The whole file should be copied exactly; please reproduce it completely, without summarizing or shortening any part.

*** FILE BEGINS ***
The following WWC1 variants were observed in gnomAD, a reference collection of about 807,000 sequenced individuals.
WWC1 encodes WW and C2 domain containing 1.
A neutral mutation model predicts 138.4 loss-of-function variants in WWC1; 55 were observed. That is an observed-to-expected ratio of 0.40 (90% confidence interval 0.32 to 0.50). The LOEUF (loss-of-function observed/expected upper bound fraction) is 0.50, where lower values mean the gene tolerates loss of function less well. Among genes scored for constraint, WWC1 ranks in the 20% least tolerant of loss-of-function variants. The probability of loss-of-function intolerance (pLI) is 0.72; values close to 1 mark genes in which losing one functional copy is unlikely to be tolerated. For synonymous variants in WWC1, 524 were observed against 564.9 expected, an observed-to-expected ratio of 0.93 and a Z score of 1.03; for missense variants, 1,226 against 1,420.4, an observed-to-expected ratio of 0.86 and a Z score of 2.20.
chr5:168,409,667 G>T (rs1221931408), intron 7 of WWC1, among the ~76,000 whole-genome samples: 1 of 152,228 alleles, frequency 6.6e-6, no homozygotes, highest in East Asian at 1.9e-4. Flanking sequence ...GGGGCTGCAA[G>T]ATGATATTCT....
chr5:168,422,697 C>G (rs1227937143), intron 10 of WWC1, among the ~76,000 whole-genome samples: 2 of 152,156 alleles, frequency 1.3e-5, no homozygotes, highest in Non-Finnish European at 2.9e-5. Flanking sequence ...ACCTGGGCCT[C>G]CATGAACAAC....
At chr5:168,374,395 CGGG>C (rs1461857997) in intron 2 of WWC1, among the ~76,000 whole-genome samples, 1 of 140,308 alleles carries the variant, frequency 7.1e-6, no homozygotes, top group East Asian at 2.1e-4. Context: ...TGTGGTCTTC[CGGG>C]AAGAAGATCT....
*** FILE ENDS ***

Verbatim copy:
The following WWC1 variants were observed in gnomAD, a reference collection of about 807,000 sequenced individuals.
WWC1 encodes WW and C2 domain containing 1.
A neutral mutation model predicts 138.4 loss-of-function variants in WWC1; 55 were observed. That is an observed-to-expected ratio of 0.40 (90% confidence interval 0.32 to 0.50). The LOEUF (loss-of-function observed/expected upper bound fraction) is 0.50, where lower values mean the gene tolerates loss of function less well. Among genes scored for constraint, WWC1 ranks in the 20% least tolerant of loss-of-function variants. The probability of loss-of-function intolerance (pLI) is 0.72; values close to 1 mark genes in which losing one functional copy is unlikely to be tolerated. For synonymous variants in WWC1, 524 were observed against 564.9 expected, an observed-to-expected ratio of 0.93 and a Z score of 1.03; for missense variants, 1,226 against 1,420.4, an observed-to-expected ratio of 0.86 and a Z score of 2.20.
chr5:168,409,667 G>T (rs1221931408), intron 7 of WWC1, among the ~76,000 whole-genome samples: 1 of 152,228 alleles, frequency 6.6e-6, no homozygotes, highest in East Asian at 1.9e-4. Flanking sequence ...GGGGCTGCAA[G>T]ATGATATTCT....
chr5:168,422,697 C>G (rs1227937143), intron 10 of WWC1, among the ~76,000 whole-genome samples: 2 of 152,156 alleles, frequency 1.3e-5, no homozygotes, highest in Non-Finnish European at 2.9e-5. Flanking sequence ...ACCTGGGCCT[C>G]CATGAACAAC....
At chr5:168,374,395 CGGG>C (rs1461857997) in intron 2 of WWC1, among the ~76,000 whole-genome samples, 1 of 140,308 alleles carries the variant, frequency 7.1e-6, no homozygotes, top group East Asian at 2.1e-4. Context: ...TGTGGTCTTC[CGGG>C]AAGAAGATCT....